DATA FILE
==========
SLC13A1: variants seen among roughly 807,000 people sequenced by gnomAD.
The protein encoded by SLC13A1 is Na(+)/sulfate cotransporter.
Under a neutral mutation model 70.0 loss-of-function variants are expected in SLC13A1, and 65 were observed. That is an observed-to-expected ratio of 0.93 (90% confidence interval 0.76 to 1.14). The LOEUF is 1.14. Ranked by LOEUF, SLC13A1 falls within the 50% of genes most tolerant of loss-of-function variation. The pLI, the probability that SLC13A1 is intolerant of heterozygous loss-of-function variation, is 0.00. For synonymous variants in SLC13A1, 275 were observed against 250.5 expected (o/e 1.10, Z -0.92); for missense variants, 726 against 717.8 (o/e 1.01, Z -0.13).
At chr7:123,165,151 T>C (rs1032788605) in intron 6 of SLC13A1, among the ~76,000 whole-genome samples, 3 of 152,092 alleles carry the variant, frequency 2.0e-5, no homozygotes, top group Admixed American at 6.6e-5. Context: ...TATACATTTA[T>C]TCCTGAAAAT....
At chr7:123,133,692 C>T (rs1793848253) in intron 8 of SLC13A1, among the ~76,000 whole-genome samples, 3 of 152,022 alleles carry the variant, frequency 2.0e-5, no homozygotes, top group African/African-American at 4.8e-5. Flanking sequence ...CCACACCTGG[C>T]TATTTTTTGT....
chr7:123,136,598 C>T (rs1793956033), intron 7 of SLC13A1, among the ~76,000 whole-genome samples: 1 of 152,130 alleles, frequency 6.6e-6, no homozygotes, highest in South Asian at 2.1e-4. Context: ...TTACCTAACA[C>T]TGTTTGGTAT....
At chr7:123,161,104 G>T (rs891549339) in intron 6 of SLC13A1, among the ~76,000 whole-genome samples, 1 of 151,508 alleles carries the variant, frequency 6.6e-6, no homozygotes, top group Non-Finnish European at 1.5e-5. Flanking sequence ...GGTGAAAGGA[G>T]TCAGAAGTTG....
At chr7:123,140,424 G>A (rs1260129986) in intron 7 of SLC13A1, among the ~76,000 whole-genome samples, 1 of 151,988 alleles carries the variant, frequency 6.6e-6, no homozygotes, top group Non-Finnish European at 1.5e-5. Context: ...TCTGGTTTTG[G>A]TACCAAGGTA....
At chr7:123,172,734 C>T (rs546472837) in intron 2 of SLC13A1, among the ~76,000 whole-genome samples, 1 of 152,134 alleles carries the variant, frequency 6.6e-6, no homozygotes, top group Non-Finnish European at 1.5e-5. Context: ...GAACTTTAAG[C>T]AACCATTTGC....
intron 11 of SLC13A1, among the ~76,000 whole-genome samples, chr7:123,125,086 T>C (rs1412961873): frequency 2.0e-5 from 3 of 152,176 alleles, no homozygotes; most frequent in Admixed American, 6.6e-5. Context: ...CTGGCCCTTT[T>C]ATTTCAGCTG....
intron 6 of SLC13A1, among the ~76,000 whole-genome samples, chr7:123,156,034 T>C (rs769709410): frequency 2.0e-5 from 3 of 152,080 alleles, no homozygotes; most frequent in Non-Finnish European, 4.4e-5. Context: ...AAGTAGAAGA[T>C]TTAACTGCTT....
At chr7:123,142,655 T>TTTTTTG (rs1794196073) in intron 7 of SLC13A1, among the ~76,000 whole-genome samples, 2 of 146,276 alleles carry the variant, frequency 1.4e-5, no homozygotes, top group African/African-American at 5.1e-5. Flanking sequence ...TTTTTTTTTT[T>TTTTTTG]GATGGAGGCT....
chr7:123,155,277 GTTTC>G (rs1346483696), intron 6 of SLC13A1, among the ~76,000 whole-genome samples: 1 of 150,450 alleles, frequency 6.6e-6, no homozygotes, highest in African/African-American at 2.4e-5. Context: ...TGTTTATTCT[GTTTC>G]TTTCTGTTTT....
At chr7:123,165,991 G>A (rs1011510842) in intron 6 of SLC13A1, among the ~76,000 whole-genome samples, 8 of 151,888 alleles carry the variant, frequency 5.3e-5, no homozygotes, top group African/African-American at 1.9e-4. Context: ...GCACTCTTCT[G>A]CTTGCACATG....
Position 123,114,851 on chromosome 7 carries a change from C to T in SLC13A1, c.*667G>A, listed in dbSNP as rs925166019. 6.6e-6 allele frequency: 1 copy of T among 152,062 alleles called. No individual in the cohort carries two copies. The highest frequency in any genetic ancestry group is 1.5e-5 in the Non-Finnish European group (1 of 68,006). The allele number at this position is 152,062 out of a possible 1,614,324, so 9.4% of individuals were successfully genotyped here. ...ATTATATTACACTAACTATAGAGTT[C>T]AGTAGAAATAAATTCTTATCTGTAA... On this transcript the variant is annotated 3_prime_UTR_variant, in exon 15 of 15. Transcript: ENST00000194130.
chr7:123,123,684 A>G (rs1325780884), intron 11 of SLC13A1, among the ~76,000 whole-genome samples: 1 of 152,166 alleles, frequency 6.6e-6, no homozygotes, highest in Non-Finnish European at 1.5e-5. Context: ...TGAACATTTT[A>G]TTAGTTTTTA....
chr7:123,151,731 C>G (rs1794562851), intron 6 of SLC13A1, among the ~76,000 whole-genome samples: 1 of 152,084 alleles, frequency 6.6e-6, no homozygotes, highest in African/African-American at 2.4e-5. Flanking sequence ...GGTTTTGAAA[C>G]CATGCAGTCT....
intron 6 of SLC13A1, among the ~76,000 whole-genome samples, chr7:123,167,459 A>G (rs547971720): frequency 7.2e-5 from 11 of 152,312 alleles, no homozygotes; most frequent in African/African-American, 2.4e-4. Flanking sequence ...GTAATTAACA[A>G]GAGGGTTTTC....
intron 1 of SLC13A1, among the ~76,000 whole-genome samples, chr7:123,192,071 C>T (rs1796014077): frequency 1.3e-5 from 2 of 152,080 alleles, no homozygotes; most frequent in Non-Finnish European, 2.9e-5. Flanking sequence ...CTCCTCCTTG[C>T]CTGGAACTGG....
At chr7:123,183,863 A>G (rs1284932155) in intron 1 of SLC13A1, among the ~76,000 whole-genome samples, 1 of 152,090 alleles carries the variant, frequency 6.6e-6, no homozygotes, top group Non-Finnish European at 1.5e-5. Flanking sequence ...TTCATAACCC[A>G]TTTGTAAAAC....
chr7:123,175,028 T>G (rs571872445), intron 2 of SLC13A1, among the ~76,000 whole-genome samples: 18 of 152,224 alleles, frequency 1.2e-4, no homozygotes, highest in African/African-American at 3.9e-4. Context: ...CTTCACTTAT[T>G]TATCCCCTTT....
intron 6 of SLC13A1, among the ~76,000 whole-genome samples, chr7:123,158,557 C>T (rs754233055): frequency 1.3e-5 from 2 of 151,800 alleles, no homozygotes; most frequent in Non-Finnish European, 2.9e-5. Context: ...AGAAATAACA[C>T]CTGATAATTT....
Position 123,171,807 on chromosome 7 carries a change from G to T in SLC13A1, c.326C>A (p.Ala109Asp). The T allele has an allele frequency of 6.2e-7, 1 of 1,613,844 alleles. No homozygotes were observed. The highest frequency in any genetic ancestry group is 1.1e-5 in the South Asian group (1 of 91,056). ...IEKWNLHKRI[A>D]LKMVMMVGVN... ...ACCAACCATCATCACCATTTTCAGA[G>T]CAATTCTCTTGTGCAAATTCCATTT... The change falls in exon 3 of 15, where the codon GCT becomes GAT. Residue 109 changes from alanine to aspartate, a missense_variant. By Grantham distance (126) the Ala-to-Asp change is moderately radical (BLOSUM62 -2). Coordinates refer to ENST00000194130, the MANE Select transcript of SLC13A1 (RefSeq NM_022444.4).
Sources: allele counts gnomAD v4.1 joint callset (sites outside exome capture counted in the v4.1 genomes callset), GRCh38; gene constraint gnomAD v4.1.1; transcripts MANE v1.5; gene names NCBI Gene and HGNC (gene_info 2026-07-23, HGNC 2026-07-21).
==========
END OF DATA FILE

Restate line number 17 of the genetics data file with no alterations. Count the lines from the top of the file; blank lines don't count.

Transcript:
chr7:123,151,731 C>G (rs1794562851), intron 6 of SLC13A1, among the ~76,000 whole-genome samples: 1 of 152,084 alleles, frequency 6.6e-6, no homozygotes, highest in African/African-American at 2.4e-5. Flanking sequence ...GGTTTTGAAA[C>G]CATGCAGTCT....